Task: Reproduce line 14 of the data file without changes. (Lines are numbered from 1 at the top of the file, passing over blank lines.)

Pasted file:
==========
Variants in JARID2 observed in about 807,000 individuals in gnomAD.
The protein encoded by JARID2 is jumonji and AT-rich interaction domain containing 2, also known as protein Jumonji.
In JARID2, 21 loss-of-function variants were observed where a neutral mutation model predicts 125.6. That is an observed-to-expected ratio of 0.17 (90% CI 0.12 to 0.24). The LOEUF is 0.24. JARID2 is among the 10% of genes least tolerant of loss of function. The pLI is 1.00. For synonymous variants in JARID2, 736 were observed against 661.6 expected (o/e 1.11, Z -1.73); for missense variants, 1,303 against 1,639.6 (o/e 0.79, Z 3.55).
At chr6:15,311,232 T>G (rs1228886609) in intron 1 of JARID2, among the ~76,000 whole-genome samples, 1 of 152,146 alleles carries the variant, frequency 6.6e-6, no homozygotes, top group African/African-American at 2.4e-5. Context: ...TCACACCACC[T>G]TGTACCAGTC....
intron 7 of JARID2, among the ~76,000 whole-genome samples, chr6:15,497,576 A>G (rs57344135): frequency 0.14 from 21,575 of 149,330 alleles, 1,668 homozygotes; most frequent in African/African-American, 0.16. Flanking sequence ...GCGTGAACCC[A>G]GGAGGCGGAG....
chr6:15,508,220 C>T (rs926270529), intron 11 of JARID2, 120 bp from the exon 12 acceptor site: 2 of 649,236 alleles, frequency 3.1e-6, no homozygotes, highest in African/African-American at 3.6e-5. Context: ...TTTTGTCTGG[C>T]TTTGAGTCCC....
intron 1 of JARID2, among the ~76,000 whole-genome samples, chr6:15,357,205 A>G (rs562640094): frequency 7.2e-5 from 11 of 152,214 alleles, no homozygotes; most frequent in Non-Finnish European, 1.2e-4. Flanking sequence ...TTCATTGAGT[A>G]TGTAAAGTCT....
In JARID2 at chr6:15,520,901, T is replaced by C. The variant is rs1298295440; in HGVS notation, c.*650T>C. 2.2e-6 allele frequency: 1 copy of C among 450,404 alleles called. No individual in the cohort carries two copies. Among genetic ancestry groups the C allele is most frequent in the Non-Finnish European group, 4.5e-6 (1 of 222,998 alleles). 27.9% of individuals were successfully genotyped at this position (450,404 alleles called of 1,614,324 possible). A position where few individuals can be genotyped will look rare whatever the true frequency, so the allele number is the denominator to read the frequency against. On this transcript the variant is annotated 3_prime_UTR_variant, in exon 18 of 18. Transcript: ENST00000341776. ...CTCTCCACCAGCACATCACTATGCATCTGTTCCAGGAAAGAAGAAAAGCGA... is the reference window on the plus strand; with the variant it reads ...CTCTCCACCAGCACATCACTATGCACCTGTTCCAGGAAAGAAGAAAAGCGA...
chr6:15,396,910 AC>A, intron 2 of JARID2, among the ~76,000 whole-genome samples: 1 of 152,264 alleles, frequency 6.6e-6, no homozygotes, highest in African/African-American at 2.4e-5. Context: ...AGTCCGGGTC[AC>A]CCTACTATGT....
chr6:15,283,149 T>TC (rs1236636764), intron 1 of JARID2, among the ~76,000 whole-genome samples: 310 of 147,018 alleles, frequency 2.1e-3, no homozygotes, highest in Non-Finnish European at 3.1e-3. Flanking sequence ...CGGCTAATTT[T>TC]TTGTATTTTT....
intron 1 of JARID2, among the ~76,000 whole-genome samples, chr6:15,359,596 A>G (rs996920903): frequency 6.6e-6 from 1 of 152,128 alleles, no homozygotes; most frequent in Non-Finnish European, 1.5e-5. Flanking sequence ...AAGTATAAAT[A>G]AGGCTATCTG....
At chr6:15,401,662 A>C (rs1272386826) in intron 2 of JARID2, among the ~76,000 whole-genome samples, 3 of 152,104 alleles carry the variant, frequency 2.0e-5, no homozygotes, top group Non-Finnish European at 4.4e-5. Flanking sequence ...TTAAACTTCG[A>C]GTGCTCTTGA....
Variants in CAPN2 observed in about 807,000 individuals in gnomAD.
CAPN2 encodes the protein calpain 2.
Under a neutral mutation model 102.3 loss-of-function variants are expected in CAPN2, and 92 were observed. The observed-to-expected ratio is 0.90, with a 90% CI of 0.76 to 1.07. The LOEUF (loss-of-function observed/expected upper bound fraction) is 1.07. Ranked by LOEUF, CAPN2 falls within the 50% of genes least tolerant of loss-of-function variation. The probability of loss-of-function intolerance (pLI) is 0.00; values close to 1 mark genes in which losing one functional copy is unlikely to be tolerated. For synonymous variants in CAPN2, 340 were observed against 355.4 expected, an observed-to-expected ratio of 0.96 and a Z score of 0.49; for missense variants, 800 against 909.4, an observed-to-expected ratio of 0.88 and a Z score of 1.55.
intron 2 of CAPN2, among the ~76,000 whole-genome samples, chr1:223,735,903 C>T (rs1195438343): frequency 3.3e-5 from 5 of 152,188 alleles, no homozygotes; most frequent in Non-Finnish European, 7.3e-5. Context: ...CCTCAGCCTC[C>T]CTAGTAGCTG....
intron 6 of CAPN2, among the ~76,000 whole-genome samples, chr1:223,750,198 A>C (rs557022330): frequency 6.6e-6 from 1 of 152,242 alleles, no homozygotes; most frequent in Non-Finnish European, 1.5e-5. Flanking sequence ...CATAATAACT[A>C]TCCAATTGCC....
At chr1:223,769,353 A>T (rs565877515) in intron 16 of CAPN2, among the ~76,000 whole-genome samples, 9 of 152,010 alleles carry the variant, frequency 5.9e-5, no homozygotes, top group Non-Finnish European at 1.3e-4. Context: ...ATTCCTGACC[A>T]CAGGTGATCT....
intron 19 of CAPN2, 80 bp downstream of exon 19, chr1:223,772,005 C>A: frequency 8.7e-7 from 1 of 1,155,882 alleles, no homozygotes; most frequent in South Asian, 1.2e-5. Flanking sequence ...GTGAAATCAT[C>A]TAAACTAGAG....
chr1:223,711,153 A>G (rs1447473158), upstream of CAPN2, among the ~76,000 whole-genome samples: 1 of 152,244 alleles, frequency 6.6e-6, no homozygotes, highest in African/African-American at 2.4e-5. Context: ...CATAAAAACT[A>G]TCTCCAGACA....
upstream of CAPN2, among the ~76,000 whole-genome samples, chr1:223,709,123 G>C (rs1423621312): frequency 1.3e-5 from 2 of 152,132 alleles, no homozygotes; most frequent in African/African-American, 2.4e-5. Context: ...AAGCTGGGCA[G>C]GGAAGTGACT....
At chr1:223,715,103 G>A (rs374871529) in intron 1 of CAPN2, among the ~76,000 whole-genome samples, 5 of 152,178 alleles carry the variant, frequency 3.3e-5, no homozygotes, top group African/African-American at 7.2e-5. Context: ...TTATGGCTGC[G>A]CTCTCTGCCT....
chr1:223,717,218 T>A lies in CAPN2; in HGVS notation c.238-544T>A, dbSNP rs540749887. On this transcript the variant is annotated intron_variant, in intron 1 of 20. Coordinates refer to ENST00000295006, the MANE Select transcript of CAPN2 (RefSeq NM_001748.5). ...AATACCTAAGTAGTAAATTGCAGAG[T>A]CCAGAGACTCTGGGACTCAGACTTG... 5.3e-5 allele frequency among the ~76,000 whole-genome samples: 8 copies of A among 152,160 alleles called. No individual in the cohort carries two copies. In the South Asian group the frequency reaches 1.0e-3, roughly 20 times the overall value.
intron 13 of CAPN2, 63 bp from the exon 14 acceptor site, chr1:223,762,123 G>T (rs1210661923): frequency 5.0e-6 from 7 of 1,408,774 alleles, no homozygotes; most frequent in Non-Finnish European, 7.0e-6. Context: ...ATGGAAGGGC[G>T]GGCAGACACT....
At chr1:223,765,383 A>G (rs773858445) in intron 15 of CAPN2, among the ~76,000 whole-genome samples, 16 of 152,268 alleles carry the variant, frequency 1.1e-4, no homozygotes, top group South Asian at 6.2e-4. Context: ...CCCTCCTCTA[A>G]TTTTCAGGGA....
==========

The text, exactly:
CAPN2 encodes the protein calpain 2.